“Invitations, if you would,” the Left Guard said.
The four, minus Balthazar who had stayed in the woods to communicate with the wilds, withdrew their invitations. All were still fairly pristine save for the wadded up mess that came from Mat’s pocket. The guard took the flat three first and then, apprehensively, grasped Mat’s from his open palm. He tossed it to the Right Guard who set about unwadding it to inspect its authenticity while the Left Guard checked the other four.
After confirming the invitations, the Left Guarded regarded them with an air of disdain. “The normal crop to attend this party know the proper social expectations. These…drapes you’ve all chosen will do, if only just.” The guards stepped to either side and waved their hands toward the gate, beckoning the group through as both carved slabs of metal swung wide inward.
They crossed the threshold and were met with only more extravagance. A long reflecting pool ran from the gate entrance all the way to the steps leading up to the front door of the Mansion. Fine gravel lined either side of the pool, with perfectly manicured dirt paths branching off on either side into the grounds. Trees and general flora lined those paths but otherwise the grounds were empty, covered only by exquisitely kept viridian grass.
The area around the reflecting pool was absolutely filled to bursting with people. Waiters and Waitresses, none of them Orc, moved with great difficulty through the crowd. They would barely press into the throng before having to retreat back to refill their hors d’oeuvres trays. A few people meandered the dirt paths that led their circuitous paths around the grounds but most remained near the reflecting pool and, in particular, toward the end near the stairs.
At the top of the stairs, standing by their lonesome, were two men of obviously great caliber. On the left a tall, angular man dressed sharply with hair the color of empty space. To his right a man in contrast; squat, rotund, and red-face, dressed in regal purple with long brown hair. Both spoke jovially, a drink in one hand each. The squat one spoke more animatedly, almost spilling his drink on multiple occasions over just a few seconds, while the taller one simply smiled and nodded, adding a comment here and there while keeping one eye on the mass of bodies below them.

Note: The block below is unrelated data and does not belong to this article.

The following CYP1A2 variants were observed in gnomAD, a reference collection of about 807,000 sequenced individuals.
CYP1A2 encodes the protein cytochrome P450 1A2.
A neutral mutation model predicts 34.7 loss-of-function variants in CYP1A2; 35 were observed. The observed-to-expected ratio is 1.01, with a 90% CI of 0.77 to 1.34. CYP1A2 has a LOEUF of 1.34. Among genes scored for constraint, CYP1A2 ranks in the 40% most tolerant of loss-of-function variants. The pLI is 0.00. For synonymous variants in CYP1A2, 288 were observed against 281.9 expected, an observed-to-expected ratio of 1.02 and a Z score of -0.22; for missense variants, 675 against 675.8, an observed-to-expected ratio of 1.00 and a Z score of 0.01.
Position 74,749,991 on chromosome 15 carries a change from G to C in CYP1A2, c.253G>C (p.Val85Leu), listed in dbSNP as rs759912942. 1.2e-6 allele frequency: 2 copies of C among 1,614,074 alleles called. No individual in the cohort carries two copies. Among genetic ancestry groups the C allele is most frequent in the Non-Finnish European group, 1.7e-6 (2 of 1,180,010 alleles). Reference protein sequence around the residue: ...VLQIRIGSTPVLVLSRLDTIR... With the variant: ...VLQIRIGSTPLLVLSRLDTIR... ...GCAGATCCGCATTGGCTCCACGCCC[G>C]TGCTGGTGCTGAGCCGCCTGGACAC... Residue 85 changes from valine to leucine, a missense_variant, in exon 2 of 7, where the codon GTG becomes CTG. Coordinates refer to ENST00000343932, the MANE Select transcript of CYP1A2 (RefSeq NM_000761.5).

“I’ve got five on fatty for king,” said Mat as he grabbed a meat-wrapped prawn from the nearest waiter’s tray.
“Your tact and wit is truly endless. Long may your reign be as advisor to the Gods,” Maximus spoke as he eyed the hundreds and hundreds of people that stood in front of them.
“You’ve never seen me on a battlefield, Woody. I make up in tactical ability what I lack in subtlety.”
“Subtlety is a virtue of the battlefield. To circumvent your opponents expectations is to all but guarantee a victory.”
“Sure, as long as your men agree with what they’re fighting for.” Mat bit into the juicy prawn and grabbed a glass of fizzing liquid from another passing tray.
Raelyn leaned over to Reverence and spoke with no hint of stealth, “It would appear the men came to discuss the coming war. Perhaps we should take care of the current mission while they are otherwise indisposed?” She had withheld her recollections regarding the disappearing stars until she could further ground her memory in fact. She had not had a chance to check the skies with any severity, but was planning to at next chance. She’d hoped they would be in and out of this place quickly, that she may take to the roof of the local temple and better scout the skies.
Reverence nodded, distracted. Lliira was here tonight. Not in physicality but in the spirit of the event. These people were bleeding joy like sweat and it warmed her heart. A smile spread across her face. It was rare, even a priestess of the Goddess, that she got to experience this degree of celebration. Her temple found funding difficult in their province, a hindrance only furthered by the constant political turmoil between the two majority worshipers in the region, neither of which found belief in Lliira.
She refocused and let the joy wash over her once more, touching the triangle pendant around her neck. She spoke under her breath, “I will not disrupt this occasion. These people will celebrate your name, even though their reasons may be grim.”
Raelyn glanced at Reverence, seeming to be the only one who’d heard her. He spoke quietly so the others could not hear. “I do not think Lliira would find qualm with disrupting a celebration of enslavement.”
Reverence sighed and nodded. “In her name I still must try to keep this joy alive. These people are…misinformed, yes, but they know only happiness in their hearts right now. That is something that all should have.”
Raelyn spoke grimly, “Few presented with such joy would question the poisoned well it pulls from. Perhaps we would be best served removing the offending pollutant and retaining the well.”
Maximus nonchalantly moved closer, “A stealth operation in a crowd this size would be nigh impossible.”
Raelyn added, “I can turn invisible.”
All but Mat turned to look at her, surprised. Mat was preoccupied with a rather scantily clad female Human who wobbled on her feet with glazed eyes. Her laughter begat the fuzziness of her mind, not to mention her choice in men.